mapping movement

Updated New York congressional map ensures Bowman-Latimer showdown

The state’s redistricting commission only made small changes to the overall district lines

Lev Radin/Pacific Press/LightRocket via Getty Images/Johnny Nunez/Getty Images for Black Music Action Coalition (BMAC)

Westchester County Executive George Latimer speaks during Gov. Kathy Hochul's announcement of completion of Avalon Harrison near Metro-North station with 143 affordable units and easy access to trains at Avalon Harrison Transit-Oriented Development/Congressman Jamaal Bowman attends the Black Music Action Coalition's Economic Justice Summit at UTA on February 02, 2024 in Beverly Hills, California.

A proposed New York congressional map unveiled on Thursday would deliver a modest boost to Democrats seeking to retake the majority, while making no changes to the district of a vulnerable anti-Israel incumbent facing a serious primary threat.

While the new congressional lines kept most districts across the state relatively unchanged, the lack of revisions to the seat held by Rep. Jamaal Bowman (D-NY) means the embattled Squad member will still face a tough primary against a formidable challenger, George Latimer, the popular Westchester County executive.

Latimer, a veteran Democrat who has held elective office for the past several decades, is well-known to voters in the current district, which covers more than half of Westchester County and a slice of the Bronx.

If approved by the Democratic-led state legislature, the map would guarantee one of the most consequential primaries of the election cycle, pitting a moderate pro-Israel Democrat against an outspoken progressive who has drawn backlash in recent months amid a series of embarrassing scandals.

The new map would also preserve the district’s significant Jewish constituency in Westchester County. Voters there, including more liberal Jewish voters who have backed Bowman in the past, have grown increasingly frustrated with the former middle school principal’s hostile positions toward Israel amid the ongoing war against Hamas.

The primary matchup is expected to draw outside spending from pro-Israel groups including AIPAC, whose political arm recently backed Latimer in its first endorsement of a non-incumbent this cycle.

The pro-Israel lobby, whose super PAC has already run attack ads targeting Bowman, helped bundle more than $600,000 for Latimer’s campaign, which raised a total of $1.4 million in under a month — doubling Bowman’s haul over a three-month period ending in December.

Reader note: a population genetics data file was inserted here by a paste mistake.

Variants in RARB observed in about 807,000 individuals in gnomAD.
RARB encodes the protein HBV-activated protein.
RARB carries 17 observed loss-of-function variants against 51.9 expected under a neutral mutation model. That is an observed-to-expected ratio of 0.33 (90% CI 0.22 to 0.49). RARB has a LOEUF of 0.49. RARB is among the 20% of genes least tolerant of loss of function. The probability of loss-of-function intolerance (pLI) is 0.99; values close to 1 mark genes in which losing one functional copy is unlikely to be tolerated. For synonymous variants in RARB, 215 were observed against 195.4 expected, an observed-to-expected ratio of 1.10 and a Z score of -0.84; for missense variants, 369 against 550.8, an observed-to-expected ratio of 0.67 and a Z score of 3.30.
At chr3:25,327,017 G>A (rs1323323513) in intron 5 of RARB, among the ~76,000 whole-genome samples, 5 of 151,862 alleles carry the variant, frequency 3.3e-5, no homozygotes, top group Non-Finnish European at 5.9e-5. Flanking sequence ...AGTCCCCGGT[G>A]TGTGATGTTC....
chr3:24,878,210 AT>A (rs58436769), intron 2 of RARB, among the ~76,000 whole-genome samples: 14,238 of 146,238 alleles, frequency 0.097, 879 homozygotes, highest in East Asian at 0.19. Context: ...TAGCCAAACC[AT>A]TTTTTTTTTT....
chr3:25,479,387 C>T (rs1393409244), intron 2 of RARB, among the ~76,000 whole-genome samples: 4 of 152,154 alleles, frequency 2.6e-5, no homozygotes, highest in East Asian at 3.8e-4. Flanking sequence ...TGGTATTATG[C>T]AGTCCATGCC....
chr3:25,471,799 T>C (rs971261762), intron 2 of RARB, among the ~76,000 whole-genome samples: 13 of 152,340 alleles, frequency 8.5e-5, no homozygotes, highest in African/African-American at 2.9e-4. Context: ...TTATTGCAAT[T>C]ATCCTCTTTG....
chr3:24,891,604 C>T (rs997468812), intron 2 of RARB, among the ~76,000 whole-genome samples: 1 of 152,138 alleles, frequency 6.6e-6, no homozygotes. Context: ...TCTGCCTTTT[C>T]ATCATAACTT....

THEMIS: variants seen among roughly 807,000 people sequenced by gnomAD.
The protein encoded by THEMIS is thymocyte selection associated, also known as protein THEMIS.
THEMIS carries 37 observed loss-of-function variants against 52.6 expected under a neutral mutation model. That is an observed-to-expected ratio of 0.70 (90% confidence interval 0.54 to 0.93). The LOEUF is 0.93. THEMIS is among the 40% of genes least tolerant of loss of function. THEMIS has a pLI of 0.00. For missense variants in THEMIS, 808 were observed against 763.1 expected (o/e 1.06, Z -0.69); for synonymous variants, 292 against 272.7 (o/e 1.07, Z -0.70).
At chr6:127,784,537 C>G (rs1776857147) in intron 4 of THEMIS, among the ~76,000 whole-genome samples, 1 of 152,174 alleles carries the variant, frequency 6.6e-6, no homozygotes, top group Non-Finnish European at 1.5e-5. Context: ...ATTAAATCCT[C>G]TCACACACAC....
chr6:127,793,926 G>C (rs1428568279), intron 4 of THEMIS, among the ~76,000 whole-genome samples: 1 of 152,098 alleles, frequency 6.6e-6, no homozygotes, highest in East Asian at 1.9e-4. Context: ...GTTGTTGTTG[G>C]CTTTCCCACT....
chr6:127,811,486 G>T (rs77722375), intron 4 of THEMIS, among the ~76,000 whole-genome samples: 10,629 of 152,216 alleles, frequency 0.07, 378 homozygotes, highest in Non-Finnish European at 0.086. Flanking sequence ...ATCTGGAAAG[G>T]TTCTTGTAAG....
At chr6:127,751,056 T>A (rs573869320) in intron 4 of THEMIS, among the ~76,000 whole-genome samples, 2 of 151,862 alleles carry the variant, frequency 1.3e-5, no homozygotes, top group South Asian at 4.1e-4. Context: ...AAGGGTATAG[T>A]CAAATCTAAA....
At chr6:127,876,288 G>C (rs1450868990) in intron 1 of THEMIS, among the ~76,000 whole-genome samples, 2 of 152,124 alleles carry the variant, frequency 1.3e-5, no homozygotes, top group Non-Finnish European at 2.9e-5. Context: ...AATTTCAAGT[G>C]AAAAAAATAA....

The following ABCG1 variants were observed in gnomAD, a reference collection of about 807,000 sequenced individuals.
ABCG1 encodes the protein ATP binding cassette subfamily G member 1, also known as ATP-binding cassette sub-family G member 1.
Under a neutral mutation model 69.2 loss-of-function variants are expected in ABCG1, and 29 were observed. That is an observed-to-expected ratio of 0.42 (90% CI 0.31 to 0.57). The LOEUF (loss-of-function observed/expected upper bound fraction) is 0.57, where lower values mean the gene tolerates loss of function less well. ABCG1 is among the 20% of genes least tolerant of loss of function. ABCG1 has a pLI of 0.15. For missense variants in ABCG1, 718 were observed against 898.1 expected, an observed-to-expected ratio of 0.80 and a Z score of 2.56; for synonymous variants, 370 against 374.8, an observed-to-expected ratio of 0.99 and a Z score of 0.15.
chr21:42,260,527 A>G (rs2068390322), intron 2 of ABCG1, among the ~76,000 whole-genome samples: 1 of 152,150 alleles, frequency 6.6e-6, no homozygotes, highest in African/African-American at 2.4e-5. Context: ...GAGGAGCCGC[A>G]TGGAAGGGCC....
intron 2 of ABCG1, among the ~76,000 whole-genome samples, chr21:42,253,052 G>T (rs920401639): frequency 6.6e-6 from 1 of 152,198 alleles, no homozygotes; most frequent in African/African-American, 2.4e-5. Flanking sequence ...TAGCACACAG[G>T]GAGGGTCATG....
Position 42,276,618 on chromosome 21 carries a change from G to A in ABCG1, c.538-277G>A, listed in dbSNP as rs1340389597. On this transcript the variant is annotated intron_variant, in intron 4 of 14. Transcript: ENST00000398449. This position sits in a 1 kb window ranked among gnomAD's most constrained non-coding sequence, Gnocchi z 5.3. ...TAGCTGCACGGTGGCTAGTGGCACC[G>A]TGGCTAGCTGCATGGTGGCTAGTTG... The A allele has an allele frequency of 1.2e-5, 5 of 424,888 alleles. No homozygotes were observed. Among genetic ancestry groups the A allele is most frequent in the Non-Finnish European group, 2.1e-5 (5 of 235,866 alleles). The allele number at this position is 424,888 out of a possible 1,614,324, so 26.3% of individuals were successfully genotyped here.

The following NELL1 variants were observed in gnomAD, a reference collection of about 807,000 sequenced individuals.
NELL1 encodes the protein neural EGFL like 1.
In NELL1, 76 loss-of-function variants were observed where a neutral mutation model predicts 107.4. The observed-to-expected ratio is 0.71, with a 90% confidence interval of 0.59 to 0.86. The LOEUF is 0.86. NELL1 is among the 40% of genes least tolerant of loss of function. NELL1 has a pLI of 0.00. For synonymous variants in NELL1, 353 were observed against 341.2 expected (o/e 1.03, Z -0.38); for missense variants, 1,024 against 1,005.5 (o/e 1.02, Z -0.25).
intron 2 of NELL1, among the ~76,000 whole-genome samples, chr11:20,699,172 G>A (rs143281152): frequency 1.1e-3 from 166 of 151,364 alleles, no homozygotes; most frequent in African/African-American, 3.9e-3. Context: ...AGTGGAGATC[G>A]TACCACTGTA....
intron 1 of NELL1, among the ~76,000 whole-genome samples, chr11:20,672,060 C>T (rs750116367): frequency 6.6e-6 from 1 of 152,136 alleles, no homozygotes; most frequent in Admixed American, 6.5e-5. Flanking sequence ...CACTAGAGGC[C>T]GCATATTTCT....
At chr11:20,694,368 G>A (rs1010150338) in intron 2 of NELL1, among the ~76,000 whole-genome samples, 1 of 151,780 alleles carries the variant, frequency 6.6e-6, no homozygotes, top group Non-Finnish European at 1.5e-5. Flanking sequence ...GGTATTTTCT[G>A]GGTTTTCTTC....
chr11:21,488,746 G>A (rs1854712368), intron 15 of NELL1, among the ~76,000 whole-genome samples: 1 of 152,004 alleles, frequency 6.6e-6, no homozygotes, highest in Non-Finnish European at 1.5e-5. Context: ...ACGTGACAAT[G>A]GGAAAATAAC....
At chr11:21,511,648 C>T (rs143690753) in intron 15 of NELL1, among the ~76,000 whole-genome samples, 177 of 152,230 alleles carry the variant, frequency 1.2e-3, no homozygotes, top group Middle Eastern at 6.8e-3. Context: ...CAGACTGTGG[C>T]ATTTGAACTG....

Meanwhile, in a not-so veiled effort to boost turnout for Latimer, a Jewish advocacy group in Westchester has in recent weeks been actively engaged in an effort to convince independent and Republican Jews to register as Democrats so they are eligible to vote in the primary.

In just over two weeks, the newly formed group, Westchester Unites, enrolled over 1,300 voters as Democrats before the Feb. 14 registration deadline, a spokesperson confirmed.

Dan Mitzner, the policy director for Teach Action Fund, which launched the group and is a project of the Orthodox Union, said in a statement that the enrollment rate represented 10% of its targeted voter base. “This election, the people on the ballot, and what they represent, have clearly ignited this community,” he told Jewish Insider on Thursday. 

Before Latimer announced his bid in December, an anti-Bowman group had conducted polling in the district indicating that Bowman was vulnerable to a challenge, according to several informed sources.

Since then, Bowman’s standing has grown even more precarious as he has drawn scrutiny for past online posts in which he promoted 9/11 conspiracy theories and for praising a controversial anti-Israel scholar who celebrated Hamas’ Oct. 7 attacks, which led a key progressive group that had long supported him to pull its endorsement.

Even as Bowman has apologized for his comments, the controversies only added to a cascade of errors that began last year when he falsely pulled a House fire alarm — drawing a misdemeanor charge as well as a Republican-led censure resolution.

The district boundaries could have been drawn to yield a more obvious advantage to either candidate — for instance, by extending further into the Bronx, where Bowman has traditionally performed well, or reaching into Westchester and Putnam Counties to include more Latimer-friendly voters. 

But the decision to leave the district untouched was likely the safest option for the panel that redrew the maps, whose commissioner, Ken Jenkins, serves as Latimer’s deputy in the county executive’s office.         

One Jewish Democrat opposed to Bowman and familiar with the redistricting process cautiously noted on Thursday that leaving the lines as they exist “wouldn’t hurt” Latimer’s odds in the June primary.

For his part, Latimer was equally restrained on Thursday, even as experts believe he could have an edge if the proposed House lines are approved. In a statement to JI, he called the map “only the next step in a long process,” voicing confidence in the state legislature “to complete this process fully and fairly.”

“Regardless of the timing or the ultimate disposition of the lines,” he added, “we look forward to continuing to bring our message of progressive results that benefit the people of our area, in whatever neighborhood they live and in whatever jurisdictions are ultimately assigned.”

A spokesperson for Bowman’s campaign did not respond to a request for comment on Thursday.

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